Religious Revival

Religious Revival
--
from the Weekly People
July 24, 1976

The issue of religion, in all its many and varied forms, again seems to be pushing its way to the center of the social stage. The ruling class itself has injected Jerry Brown's "Eastern mysticism" and Jimmy Carter's pious evangelical sermons into the presidential campaign. Out of capitalism's social decay and intense alienation has come an endless stream of cultist sects. Through issues like abortion and women's rights, the institutions of organized religion are once more actively entering the realm of political debate. Within their own ranks, as well, there are conflicts reflecting the struggles outside.

Altogether it seems an appropriate time to look again at how the socialist movement views the nature, and uses, of religion. One point should be clear from the start. Individual religious freedom and the rights of private conscience are rights that should be defended. They are also rights that would be fully guaranteed in a socialist society. In this sense, religion may be said to be a "private matter," meaning simply that no society can justifiably coerce its members into adopting any official set of beliefs.

But religion is also an ideological question and socialists cannot blind themselves to the class interests that religious ideology has generally served.

Who could look at Jerry Brown's "Buddhist austerity" rhetoric and fail to see the capitalist service his "spiritual" doubletalk performs? In his quest for the job of number one ruling-class front man, Jimmy Carter has made extensive hypocritical use of religious pretensions to erect a moral facade for a criminal class and a decadent system. Reverend Sun Myung Moon mixes religion and South Korean fascism, while his couterpart Billy Graham serves up an American version of the same brew. The string of countless "gurus" and charlatans who peddle idealist delusions and individual "salvation" to working-class youth are equally involved in diverting discontent and sowing confusion about social reality.

All these examples have more in common than open support for the status quo. They, along with numerous other, often more subtle movements, are working to foster a seriously debilitating view of the world.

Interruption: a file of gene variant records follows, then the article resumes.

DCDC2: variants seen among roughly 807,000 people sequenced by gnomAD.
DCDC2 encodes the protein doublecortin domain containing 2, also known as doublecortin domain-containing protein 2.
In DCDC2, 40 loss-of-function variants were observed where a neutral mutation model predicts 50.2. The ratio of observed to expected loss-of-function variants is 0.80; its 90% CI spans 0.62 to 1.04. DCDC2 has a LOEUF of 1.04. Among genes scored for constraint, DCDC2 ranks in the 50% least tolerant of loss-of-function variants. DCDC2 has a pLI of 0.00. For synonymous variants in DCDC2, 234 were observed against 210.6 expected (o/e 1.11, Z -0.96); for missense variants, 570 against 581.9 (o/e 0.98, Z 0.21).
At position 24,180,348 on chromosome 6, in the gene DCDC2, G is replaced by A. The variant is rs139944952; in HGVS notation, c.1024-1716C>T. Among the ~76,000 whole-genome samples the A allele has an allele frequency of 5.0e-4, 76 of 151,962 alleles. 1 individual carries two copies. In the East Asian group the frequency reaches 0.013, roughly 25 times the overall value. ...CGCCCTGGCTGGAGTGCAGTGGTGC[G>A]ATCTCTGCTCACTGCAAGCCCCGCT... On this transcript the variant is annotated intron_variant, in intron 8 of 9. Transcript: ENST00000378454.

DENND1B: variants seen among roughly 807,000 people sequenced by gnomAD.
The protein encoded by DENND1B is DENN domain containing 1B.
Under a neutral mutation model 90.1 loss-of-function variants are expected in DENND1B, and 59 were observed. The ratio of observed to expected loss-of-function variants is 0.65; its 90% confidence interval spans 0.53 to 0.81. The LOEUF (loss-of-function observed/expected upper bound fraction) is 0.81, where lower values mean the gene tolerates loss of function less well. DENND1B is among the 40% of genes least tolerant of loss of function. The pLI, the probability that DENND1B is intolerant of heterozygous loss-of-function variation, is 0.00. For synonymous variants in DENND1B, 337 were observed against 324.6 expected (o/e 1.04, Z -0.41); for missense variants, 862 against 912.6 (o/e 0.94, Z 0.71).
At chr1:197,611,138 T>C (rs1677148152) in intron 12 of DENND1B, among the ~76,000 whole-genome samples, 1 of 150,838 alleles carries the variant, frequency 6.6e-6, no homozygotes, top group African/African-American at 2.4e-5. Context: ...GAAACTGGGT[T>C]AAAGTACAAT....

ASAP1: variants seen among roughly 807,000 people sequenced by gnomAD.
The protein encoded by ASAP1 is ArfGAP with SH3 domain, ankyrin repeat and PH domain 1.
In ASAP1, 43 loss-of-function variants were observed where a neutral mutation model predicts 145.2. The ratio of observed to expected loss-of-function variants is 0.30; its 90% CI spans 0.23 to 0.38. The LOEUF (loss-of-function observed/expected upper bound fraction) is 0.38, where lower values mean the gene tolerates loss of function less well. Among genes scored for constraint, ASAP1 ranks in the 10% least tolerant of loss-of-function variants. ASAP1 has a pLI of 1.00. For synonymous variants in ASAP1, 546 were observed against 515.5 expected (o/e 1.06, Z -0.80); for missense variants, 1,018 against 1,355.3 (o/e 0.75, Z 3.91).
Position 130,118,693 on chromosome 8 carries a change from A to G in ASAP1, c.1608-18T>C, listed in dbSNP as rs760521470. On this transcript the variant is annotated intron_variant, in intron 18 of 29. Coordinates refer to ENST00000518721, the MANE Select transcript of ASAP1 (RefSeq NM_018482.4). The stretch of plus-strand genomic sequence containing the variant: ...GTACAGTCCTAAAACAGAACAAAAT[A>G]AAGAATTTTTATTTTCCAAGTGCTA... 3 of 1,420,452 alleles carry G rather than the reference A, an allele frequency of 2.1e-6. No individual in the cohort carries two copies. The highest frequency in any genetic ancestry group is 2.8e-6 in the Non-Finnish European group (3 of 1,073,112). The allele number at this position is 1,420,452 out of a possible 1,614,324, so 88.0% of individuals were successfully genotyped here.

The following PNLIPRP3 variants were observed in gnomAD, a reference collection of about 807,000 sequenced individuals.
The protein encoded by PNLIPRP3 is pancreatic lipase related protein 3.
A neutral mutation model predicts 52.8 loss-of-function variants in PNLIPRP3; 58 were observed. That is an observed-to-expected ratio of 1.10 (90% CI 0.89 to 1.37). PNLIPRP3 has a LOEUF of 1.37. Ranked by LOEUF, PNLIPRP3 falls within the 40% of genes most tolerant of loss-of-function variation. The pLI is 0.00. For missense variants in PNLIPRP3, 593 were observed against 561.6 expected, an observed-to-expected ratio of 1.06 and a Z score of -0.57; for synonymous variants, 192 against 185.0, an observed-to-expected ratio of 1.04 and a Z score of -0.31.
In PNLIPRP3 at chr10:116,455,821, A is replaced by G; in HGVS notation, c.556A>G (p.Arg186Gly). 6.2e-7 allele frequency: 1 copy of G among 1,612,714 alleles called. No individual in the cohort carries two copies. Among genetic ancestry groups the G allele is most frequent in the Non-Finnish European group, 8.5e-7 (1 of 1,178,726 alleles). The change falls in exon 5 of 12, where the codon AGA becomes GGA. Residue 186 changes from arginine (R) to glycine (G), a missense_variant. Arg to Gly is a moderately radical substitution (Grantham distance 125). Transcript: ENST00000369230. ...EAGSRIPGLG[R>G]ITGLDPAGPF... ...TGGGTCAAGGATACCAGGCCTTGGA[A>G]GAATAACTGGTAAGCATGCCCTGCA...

It was not accidental that in developing the dialectical method and materialist world outlook, Karl Marx made a piercing critique of religion and idealism in general. He showed how such views mystified the workings of the world and society, instead of helping humanity to understand them. He showed how religious illusions led people to accept the status quo of class oppression on the one hand, while blinding them to their own ability to change society on the other.

This mystification of social reality, the idea that some "outside force" directs the world; that it can only be understood by "revelation," or that blind submission to the unknown or unknowable is somehow inevitable for the human race, are illusions which have helped to keep the oppressed in chains for ages. The socialist movement knows that the world can be understood by scientific analysis and transformed through social practice. A clear knowledge of these points is essential for the working class to understand its own potential and power. Any perpetuation of religious ideas, which must by definition conflict with the scientific view of socialist materialism, ultimately works to keep the proletariat enslaved.

Does this clash mean socialists must force their views on workers who don't hold them, either today, in the course of revolutionary struggle, or under a future socialist society? Definitely not. A Marxist outlook requires conscious understanding and full awareness of social reality. While its importance can be taught, and its validity demonstrated in actual practice, a scientific Marxist outlook can't be forced on anyone against their will. Only a caricature of Marxism or a slavish adherence to dogma could be enforced in such a manner.

In a classless socialist society, with full democratic rights guaranteed for all, no one will be persecuted for their beliefs. Nor will there be any ruling class peddling ideology to protect its interests or domination.

At the same time, and in the same way that humanity has made progress toward higher understanding throughout history, the mystification of human experience called religion will gradually give way to the ever expanding, materialist, dialectical understanding of the reality around us.

-- S.K.